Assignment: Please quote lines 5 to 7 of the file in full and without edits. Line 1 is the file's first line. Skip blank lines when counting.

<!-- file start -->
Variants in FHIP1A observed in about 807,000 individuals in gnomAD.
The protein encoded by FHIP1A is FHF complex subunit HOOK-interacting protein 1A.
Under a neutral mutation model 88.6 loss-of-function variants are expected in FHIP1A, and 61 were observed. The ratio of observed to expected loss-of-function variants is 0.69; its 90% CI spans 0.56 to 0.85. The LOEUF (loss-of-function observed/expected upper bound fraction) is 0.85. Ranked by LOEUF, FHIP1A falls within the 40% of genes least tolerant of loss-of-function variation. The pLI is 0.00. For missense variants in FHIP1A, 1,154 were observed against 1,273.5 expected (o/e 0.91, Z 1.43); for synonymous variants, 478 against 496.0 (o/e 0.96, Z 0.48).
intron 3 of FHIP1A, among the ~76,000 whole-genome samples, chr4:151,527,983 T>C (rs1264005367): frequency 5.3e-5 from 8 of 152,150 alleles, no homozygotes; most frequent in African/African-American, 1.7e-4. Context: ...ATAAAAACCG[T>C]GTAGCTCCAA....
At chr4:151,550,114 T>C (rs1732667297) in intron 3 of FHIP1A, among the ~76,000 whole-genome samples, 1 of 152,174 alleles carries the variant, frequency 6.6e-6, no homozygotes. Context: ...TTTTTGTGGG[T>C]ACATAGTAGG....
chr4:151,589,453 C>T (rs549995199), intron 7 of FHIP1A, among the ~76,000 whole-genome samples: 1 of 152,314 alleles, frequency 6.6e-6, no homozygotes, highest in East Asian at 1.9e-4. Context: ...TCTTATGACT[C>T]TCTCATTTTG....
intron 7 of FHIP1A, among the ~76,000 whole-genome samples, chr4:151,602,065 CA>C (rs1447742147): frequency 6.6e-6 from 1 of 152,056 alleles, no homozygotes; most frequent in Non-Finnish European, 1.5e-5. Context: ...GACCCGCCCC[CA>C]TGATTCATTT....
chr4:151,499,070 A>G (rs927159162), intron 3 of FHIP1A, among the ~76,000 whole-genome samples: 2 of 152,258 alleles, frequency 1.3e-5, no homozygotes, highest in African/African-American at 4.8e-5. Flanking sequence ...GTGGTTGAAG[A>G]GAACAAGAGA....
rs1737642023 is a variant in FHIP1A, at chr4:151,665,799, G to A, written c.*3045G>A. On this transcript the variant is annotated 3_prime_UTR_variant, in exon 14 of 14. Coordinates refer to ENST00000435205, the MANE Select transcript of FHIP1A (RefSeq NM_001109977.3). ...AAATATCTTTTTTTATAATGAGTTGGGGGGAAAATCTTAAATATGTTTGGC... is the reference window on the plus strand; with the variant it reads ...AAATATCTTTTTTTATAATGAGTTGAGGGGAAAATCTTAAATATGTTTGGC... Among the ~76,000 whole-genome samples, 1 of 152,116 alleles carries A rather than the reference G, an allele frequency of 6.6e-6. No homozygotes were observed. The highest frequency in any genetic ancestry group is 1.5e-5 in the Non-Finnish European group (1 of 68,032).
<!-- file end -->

At chr4:151,550,114 T>C (rs1732667297) in intron 3 of FHIP1A, among the ~76,000 whole-genome samples, 1 of 152,174 alleles carries the variant, frequency 6.6e-6, no homozygotes. Context: ...TTTTTGTGGG[T>C]ACATAGTAGG....
chr4:151,589,453 C>T (rs549995199), intron 7 of FHIP1A, among the ~76,000 whole-genome samples: 1 of 152,314 alleles, frequency 6.6e-6, no homozygotes, highest in East Asian at 1.9e-4. Context: ...TCTTATGACT[C>T]TCTCATTTTG....
intron 7 of FHIP1A, among the ~76,000 whole-genome samples, chr4:151,602,065 CA>C (rs1447742147): frequency 6.6e-6 from 1 of 152,056 alleles, no homozygotes; most frequent in Non-Finnish European, 1.5e-5. Context: ...GACCCGCCCC[CA>C]TGATTCATTT....